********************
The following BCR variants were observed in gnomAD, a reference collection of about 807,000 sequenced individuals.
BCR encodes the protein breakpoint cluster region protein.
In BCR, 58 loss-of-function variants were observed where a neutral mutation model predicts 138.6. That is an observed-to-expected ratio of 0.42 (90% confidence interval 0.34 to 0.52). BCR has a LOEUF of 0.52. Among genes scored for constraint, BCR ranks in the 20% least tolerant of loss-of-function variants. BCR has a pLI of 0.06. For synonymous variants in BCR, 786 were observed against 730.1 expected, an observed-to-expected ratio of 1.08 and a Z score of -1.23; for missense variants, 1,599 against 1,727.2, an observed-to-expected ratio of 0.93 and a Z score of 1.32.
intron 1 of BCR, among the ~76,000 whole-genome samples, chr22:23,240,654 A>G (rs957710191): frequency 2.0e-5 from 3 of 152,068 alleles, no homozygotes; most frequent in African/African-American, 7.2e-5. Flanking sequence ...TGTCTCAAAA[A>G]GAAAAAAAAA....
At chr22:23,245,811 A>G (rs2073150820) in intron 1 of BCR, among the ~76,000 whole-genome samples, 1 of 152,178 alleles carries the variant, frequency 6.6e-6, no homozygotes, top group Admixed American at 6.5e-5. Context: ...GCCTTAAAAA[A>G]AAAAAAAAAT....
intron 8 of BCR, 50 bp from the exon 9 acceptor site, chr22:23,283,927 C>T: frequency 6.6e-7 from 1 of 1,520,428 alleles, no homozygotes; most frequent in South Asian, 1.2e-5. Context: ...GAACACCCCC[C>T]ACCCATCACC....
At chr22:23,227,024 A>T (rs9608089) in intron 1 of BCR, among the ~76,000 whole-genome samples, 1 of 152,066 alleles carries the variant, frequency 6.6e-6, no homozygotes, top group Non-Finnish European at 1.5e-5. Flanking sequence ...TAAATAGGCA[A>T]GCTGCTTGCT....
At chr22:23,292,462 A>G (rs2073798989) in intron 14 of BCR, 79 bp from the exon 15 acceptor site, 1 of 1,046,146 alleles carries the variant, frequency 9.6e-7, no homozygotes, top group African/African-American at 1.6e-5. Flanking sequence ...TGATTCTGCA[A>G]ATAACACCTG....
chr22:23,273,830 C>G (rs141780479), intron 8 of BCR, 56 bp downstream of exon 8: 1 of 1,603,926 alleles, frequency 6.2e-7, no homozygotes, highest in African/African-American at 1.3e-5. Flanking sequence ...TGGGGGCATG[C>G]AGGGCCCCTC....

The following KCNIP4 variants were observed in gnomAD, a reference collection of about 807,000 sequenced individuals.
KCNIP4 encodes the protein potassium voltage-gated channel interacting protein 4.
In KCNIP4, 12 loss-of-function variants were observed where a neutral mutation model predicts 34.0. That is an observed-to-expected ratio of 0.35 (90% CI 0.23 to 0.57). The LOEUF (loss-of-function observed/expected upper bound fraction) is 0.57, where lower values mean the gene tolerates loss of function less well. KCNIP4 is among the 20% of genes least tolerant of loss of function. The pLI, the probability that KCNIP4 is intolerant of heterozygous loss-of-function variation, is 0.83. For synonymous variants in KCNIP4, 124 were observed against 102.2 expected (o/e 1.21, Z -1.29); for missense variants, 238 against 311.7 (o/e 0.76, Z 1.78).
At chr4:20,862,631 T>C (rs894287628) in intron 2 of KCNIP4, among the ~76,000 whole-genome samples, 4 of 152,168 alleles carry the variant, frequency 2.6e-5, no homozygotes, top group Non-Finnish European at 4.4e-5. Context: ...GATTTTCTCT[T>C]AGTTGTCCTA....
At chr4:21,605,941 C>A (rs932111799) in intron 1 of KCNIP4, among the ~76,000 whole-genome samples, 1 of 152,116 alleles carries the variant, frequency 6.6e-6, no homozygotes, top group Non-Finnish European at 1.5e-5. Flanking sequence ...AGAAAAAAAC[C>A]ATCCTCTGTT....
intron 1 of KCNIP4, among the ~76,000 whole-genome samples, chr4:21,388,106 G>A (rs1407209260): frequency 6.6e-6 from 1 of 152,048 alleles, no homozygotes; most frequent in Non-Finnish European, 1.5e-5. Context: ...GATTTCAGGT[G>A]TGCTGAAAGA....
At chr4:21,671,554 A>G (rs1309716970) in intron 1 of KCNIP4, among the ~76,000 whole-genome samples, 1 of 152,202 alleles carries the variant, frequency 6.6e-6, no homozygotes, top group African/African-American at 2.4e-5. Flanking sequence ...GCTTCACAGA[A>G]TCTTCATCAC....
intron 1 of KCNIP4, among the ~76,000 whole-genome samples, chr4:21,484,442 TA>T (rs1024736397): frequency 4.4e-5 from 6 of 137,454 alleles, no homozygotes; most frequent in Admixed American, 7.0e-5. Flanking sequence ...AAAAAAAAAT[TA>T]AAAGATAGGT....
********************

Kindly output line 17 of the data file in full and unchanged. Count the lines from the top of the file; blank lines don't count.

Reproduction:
intron 1 of KCNIP4, among the ~76,000 whole-genome samples, chr4:21,484,442 TA>T (rs1024736397): frequency 4.4e-5 from 6 of 137,454 alleles, no homozygotes; most frequent in Admixed American, 7.0e-5. Flanking sequence ...AAAAAAAAAT[TA>T]AAAGATAGGT....